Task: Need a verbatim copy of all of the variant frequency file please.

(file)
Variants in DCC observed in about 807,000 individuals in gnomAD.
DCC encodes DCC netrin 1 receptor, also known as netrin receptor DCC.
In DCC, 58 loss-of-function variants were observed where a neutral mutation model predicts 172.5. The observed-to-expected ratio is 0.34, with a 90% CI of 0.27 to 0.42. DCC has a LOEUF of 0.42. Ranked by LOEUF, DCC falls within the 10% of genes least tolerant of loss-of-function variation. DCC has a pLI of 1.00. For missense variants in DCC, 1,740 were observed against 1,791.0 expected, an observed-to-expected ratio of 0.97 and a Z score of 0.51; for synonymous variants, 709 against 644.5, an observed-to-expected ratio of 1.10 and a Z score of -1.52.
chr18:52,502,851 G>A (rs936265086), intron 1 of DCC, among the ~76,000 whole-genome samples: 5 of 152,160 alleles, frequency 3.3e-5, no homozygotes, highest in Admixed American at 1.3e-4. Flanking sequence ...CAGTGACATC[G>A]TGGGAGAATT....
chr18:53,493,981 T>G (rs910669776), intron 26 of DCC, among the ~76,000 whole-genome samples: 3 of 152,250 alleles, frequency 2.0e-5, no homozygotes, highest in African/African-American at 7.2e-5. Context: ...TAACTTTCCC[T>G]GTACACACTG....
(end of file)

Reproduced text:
Variants in DCC observed in about 807,000 individuals in gnomAD.
DCC encodes DCC netrin 1 receptor, also known as netrin receptor DCC.
In DCC, 58 loss-of-function variants were observed where a neutral mutation model predicts 172.5. The observed-to-expected ratio is 0.34, with a 90% CI of 0.27 to 0.42. DCC has a LOEUF of 0.42. Ranked by LOEUF, DCC falls within the 10% of genes least tolerant of loss-of-function variation. DCC has a pLI of 1.00. For missense variants in DCC, 1,740 were observed against 1,791.0 expected, an observed-to-expected ratio of 0.97 and a Z score of 0.51; for synonymous variants, 709 against 644.5, an observed-to-expected ratio of 1.10 and a Z score of -1.52.
chr18:52,502,851 G>A (rs936265086), intron 1 of DCC, among the ~76,000 whole-genome samples: 5 of 152,160 alleles, frequency 3.3e-5, no homozygotes, highest in Admixed American at 1.3e-4. Flanking sequence ...CAGTGACATC[G>A]TGGGAGAATT....
chr18:53,493,981 T>G (rs910669776), intron 26 of DCC, among the ~76,000 whole-genome samples: 3 of 152,250 alleles, frequency 2.0e-5, no homozygotes, highest in African/African-American at 7.2e-5. Context: ...TAACTTTCCC[T>G]GTACACACTG....